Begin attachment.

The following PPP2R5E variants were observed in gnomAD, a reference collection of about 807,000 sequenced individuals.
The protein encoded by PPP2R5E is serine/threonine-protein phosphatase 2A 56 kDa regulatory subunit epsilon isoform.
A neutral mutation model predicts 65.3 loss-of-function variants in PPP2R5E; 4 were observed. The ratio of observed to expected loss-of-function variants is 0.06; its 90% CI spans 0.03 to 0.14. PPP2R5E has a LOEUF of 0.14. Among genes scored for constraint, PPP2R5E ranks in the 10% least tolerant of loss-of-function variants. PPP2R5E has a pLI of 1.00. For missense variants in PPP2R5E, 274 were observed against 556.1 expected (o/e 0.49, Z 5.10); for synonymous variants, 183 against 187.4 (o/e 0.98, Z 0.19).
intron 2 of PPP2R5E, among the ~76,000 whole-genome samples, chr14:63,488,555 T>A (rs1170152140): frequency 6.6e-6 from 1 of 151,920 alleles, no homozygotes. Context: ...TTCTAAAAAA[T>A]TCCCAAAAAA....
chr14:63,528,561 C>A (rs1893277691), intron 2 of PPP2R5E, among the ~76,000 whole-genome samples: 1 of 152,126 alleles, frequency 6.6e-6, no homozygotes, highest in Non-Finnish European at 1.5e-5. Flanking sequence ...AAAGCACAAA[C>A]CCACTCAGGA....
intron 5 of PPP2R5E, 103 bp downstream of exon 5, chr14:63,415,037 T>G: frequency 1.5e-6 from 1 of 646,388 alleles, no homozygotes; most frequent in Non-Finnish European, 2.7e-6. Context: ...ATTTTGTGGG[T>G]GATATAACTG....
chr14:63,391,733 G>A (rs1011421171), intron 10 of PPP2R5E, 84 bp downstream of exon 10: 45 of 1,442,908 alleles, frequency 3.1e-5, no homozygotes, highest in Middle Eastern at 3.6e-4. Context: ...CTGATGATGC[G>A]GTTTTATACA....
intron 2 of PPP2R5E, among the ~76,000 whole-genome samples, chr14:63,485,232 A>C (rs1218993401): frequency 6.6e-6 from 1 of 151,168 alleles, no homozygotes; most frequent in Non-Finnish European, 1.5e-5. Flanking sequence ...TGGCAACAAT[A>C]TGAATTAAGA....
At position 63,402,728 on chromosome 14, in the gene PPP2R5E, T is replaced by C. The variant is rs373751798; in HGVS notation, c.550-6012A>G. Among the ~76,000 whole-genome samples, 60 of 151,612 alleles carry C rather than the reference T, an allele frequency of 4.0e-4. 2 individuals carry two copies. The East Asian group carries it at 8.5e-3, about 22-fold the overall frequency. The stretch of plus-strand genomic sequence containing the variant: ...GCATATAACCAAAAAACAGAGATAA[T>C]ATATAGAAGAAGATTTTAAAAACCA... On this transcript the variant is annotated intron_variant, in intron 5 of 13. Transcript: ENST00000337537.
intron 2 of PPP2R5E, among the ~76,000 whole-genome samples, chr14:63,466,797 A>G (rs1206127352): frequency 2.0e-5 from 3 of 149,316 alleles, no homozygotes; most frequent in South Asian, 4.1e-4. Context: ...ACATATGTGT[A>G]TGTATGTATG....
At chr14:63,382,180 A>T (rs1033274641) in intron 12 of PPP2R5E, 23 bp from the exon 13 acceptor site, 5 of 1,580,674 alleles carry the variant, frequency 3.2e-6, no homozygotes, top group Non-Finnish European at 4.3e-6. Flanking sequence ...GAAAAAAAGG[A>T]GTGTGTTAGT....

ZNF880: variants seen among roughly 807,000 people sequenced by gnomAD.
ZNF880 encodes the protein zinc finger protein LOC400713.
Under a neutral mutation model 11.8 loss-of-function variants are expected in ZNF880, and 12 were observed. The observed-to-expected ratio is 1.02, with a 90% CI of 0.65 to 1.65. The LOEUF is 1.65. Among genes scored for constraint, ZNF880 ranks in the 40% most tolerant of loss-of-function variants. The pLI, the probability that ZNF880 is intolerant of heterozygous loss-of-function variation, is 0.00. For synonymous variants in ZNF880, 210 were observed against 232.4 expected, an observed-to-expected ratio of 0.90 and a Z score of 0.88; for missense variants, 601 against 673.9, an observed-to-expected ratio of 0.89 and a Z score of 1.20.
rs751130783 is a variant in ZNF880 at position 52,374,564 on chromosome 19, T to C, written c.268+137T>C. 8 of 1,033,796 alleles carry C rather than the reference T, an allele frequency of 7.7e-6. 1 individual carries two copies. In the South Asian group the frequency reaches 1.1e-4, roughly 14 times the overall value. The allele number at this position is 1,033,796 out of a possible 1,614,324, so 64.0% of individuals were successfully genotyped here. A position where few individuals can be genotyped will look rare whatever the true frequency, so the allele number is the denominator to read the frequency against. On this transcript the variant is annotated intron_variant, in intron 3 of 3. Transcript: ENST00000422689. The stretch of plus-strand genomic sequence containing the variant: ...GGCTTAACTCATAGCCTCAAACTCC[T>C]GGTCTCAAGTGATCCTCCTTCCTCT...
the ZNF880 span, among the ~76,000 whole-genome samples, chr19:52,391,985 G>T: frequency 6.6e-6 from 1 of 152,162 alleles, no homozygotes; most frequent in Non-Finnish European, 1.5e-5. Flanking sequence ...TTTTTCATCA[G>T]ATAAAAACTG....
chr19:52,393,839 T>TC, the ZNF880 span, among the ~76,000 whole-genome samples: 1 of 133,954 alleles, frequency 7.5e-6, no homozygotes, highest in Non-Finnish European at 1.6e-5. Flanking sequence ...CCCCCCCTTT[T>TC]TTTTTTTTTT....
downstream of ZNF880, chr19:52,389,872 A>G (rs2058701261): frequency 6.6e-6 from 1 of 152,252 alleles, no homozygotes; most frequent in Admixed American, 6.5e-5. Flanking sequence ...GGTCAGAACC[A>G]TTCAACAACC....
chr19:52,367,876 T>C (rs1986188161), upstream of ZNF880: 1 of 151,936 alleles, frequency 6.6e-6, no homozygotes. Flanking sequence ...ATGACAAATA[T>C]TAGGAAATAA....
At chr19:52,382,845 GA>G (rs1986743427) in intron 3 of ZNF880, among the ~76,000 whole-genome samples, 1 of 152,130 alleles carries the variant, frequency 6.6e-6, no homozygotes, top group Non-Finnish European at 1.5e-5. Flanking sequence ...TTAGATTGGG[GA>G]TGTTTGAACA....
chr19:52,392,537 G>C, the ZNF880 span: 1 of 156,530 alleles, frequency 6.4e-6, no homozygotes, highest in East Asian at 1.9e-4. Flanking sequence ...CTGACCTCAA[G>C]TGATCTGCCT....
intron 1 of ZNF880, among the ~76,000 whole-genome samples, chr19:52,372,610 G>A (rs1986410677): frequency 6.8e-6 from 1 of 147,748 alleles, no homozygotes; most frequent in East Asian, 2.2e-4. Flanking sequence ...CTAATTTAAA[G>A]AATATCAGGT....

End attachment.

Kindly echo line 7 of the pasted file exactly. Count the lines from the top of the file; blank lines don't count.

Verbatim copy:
chr14:63,391,733 G>A (rs1011421171), intron 10 of PPP2R5E, 84 bp downstream of exon 10: 45 of 1,442,908 alleles, frequency 3.1e-5, no homozygotes, highest in Middle Eastern at 3.6e-4. Context: ...CTGATGATGC[G>A]GTTTTATACA....